The Morning Report
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Remember the snag in the plan to spend more than $17 million locally to stabilize San Diego neighborhoods by helping people buy foreclosures?
Anyone who wanted to use government assistance to get into the foreclosed homes had to first negotiate a steep discount — 15 percent — from the appraised value. That’s a tall order as low-end foreclosures attract multiple offers and all-cash investors who want to rent out the homes for a profit. It’s quite tough already for regular first-time homebuyers to beat out the heap of offers and be selected, let alone to then ask for a discount.
Federal agencies recently lowered that discount requirement to 1 percent — which applies to the initial pots of money allocated as well as future grants in a second round of the program.
“The program will work now,” said Rick Gentry, president and CEO of the San Diego Housing Commission, the agency managing the city of San Diego’s allocation of the money. “The amount of the required discount will finally work in San Diego.”
I still have yet to hear of a homebuyer closing escrow using the stabilization grant.
Chula Vista is close, said Dee Sodano, assistant vice president of lending at Community HousingWorks, a nonprofit administering the program for that city.
In Chula Vista, which was allocated $2.8 million under the program, more than $600,000 has been marked for homebuyers who’ve completed the classes and been approved to participate, she said. Plus, she said:
I understand that two [homebuyers] are very close in getting transactions accepted. It has been tough but it looks like it is happening.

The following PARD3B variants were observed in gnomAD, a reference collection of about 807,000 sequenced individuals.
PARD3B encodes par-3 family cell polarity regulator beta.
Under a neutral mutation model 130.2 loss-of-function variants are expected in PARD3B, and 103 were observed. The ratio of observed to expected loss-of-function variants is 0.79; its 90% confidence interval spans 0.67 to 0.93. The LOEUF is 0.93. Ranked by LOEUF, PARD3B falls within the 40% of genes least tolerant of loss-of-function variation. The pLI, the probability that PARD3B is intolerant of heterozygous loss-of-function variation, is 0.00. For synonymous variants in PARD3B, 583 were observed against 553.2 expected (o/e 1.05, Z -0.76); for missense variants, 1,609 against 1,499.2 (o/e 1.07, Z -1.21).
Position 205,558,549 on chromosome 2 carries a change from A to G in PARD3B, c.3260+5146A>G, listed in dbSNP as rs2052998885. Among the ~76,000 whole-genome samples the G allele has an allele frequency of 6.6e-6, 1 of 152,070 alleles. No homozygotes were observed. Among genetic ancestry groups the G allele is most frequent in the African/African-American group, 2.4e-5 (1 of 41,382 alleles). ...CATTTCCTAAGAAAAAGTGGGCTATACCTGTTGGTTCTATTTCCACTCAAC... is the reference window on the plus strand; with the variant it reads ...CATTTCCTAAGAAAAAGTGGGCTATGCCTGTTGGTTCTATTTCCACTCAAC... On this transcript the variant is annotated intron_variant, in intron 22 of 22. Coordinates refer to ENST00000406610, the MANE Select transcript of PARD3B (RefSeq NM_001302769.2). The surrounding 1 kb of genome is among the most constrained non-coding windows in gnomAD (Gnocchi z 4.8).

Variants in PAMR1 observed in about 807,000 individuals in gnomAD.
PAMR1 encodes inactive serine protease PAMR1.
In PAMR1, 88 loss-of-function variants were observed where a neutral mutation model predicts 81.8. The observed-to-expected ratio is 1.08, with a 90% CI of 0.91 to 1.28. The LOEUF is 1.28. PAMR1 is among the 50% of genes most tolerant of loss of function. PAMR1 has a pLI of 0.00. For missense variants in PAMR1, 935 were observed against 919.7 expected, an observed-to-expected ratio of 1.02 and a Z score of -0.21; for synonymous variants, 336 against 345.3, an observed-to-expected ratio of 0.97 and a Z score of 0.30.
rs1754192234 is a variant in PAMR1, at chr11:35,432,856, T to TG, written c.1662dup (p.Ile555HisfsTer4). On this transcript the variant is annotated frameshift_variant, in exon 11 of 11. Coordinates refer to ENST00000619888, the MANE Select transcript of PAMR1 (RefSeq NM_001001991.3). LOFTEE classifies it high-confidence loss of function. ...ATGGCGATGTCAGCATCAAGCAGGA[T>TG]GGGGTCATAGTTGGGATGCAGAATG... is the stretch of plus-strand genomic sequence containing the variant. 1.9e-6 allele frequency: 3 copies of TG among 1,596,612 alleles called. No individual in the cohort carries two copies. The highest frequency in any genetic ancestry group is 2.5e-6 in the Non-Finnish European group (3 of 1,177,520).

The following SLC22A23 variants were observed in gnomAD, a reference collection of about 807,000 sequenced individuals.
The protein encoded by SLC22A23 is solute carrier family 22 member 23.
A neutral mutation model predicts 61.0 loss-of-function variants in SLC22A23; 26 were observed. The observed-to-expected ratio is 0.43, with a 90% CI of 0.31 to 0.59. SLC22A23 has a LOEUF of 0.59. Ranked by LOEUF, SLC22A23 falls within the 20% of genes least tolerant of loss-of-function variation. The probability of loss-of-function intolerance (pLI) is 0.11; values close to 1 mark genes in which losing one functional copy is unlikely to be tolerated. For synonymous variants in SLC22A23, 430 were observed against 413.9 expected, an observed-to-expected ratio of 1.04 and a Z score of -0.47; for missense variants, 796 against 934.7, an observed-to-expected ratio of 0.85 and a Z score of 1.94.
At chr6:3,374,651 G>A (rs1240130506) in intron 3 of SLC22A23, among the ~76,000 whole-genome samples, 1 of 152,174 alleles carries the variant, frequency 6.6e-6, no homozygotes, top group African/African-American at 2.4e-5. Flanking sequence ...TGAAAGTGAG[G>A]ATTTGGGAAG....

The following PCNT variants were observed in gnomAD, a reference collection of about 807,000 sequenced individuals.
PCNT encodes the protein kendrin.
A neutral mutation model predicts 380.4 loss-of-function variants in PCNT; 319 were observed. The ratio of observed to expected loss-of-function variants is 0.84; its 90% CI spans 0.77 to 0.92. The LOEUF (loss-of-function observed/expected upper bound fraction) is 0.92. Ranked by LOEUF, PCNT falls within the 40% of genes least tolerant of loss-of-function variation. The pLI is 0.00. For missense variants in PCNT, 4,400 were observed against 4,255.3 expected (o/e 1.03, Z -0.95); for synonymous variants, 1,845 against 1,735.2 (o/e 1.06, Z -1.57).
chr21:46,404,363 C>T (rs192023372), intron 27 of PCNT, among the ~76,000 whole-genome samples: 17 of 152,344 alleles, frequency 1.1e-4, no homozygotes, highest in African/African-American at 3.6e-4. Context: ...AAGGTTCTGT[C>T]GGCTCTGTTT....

Gentry is traveling and didn’t have numbers at hand to share about the program’s progress within the city of San Diego. I put in a call to find out how many people have qualified and purchased homes under the program in San Diego; I’ll let you know what I hear back.
There’s another round of federal grants identified for helping with the purchases of foreclosed homes. Where the first phase’s allocations were tallied in relation to population and foreclosure activity, the next phase will award regions money based on their proposals.
A bunch of cities in San Diego County have teamed up to submit their plan together. Community HousingWorks this week submitted a regional proposal on behalf of several local cities for that second phase of the stabilization grants. Gabe del Rio, the organization’s director of lending and homeownership, said the application asks for $22.95 million for helping first-time homebuyers buy and rehabilitate foreclosed homes.
That’s about $5 million more than was allocated across the county in the first round.
Twenty-five percent of the funds must be used for households earning 50 percent or less of the area’s median income, which is currently pegged at $41,300 for a family of four. The cities of Chula Vista and San Diego, along with the county of San Diego, proposed satisfying that requirement in the first phase by purchasing rental properties and renting them to households in that income bracket.
Community HousingWorks has included two options in its proposal to satisfy that requirement. One would give up to $110,000 to first-time homebuyers at that income level to help them purchase a home, del Rio said.
The other would give the agency the option to find, acquire and rehabilitate a foreclosed apartment complex and rent that out to individuals at that level.
Del Rio said the grants are scheduled to be announced in the fall.